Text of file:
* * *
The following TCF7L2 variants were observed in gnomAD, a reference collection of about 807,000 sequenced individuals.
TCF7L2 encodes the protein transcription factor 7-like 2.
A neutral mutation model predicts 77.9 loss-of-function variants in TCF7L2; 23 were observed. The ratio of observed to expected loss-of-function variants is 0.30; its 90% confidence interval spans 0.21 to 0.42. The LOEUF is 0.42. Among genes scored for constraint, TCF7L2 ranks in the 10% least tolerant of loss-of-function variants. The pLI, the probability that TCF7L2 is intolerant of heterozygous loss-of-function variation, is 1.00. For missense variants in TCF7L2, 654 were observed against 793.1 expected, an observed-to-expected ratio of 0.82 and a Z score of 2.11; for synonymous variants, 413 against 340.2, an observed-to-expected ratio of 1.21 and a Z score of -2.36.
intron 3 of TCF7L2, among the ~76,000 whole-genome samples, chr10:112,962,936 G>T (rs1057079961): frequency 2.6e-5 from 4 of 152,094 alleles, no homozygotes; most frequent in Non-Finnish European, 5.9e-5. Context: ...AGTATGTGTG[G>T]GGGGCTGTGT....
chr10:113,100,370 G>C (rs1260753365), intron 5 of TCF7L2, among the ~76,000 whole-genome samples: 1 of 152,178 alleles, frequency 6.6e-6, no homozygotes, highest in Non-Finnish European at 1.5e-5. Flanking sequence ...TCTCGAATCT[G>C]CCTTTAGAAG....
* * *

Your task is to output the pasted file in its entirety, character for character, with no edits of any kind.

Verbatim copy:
The following TCF7L2 variants were observed in gnomAD, a reference collection of about 807,000 sequenced individuals.
TCF7L2 encodes the protein transcription factor 7-like 2.
A neutral mutation model predicts 77.9 loss-of-function variants in TCF7L2; 23 were observed. The ratio of observed to expected loss-of-function variants is 0.30; its 90% confidence interval spans 0.21 to 0.42. The LOEUF is 0.42. Among genes scored for constraint, TCF7L2 ranks in the 10% least tolerant of loss-of-function variants. The pLI, the probability that TCF7L2 is intolerant of heterozygous loss-of-function variation, is 1.00. For missense variants in TCF7L2, 654 were observed against 793.1 expected, an observed-to-expected ratio of 0.82 and a Z score of 2.11; for synonymous variants, 413 against 340.2, an observed-to-expected ratio of 1.21 and a Z score of -2.36.
intron 3 of TCF7L2, among the ~76,000 whole-genome samples, chr10:112,962,936 G>T (rs1057079961): frequency 2.6e-5 from 4 of 152,094 alleles, no homozygotes; most frequent in Non-Finnish European, 5.9e-5. Context: ...AGTATGTGTG[G>T]GGGGCTGTGT....
chr10:113,100,370 G>C (rs1260753365), intron 5 of TCF7L2, among the ~76,000 whole-genome samples: 1 of 152,178 alleles, frequency 6.6e-6, no homozygotes, highest in Non-Finnish European at 1.5e-5. Flanking sequence ...TCTCGAATCT[G>C]CCTTTAGAAG....